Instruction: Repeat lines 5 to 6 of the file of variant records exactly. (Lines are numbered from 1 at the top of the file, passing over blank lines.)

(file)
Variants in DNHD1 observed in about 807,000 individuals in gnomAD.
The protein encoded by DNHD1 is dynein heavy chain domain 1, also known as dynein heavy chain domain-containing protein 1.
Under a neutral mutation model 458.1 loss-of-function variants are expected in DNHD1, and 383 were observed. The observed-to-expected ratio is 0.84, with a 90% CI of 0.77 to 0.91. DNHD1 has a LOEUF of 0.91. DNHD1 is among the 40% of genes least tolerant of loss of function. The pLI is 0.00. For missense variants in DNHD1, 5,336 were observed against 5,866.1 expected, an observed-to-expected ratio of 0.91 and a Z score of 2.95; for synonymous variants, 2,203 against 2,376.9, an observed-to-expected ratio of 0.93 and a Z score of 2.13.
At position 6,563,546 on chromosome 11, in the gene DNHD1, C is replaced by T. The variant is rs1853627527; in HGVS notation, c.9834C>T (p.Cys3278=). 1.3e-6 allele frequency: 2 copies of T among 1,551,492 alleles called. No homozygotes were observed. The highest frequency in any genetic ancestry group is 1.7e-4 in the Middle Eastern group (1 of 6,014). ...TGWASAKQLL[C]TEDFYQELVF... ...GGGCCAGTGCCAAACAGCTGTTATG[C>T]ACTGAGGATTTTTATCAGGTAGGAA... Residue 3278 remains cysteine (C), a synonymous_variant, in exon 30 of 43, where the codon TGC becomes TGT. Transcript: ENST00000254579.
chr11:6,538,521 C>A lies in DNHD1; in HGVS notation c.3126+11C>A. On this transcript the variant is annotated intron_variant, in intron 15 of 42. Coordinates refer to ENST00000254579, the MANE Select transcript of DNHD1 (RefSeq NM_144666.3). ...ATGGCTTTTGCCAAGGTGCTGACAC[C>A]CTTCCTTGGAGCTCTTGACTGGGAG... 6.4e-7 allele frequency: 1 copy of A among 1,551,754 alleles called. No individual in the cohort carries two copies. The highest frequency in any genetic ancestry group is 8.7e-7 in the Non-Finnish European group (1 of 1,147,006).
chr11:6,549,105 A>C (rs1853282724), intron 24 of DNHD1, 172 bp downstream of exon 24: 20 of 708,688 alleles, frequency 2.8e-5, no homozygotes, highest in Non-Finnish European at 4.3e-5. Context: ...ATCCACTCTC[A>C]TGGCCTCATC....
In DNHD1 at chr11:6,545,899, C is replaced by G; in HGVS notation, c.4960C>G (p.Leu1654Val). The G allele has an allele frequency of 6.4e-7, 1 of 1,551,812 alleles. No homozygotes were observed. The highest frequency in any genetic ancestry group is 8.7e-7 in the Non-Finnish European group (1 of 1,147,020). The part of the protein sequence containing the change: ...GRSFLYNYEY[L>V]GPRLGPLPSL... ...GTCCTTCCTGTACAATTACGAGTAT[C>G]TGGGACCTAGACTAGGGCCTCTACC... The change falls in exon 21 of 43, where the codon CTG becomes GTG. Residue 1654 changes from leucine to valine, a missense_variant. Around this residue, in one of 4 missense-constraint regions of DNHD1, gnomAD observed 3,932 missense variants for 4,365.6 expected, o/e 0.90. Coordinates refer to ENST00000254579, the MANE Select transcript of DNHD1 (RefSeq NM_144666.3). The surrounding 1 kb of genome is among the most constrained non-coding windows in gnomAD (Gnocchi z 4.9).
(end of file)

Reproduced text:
chr11:6,538,521 C>A lies in DNHD1; in HGVS notation c.3126+11C>A. On this transcript the variant is annotated intron_variant, in intron 15 of 42. Coordinates refer to ENST00000254579, the MANE Select transcript of DNHD1 (RefSeq NM_144666.3). ...ATGGCTTTTGCCAAGGTGCTGACAC[C>A]CTTCCTTGGAGCTCTTGACTGGGAG... 6.4e-7 allele frequency: 1 copy of A among 1,551,754 alleles called. No individual in the cohort carries two copies. The highest frequency in any genetic ancestry group is 8.7e-7 in the Non-Finnish European group (1 of 1,147,006).
chr11:6,549,105 A>C (rs1853282724), intron 24 of DNHD1, 172 bp downstream of exon 24: 20 of 708,688 alleles, frequency 2.8e-5, no homozygotes, highest in Non-Finnish European at 4.3e-5. Context: ...ATCCACTCTC[A>C]TGGCCTCATC....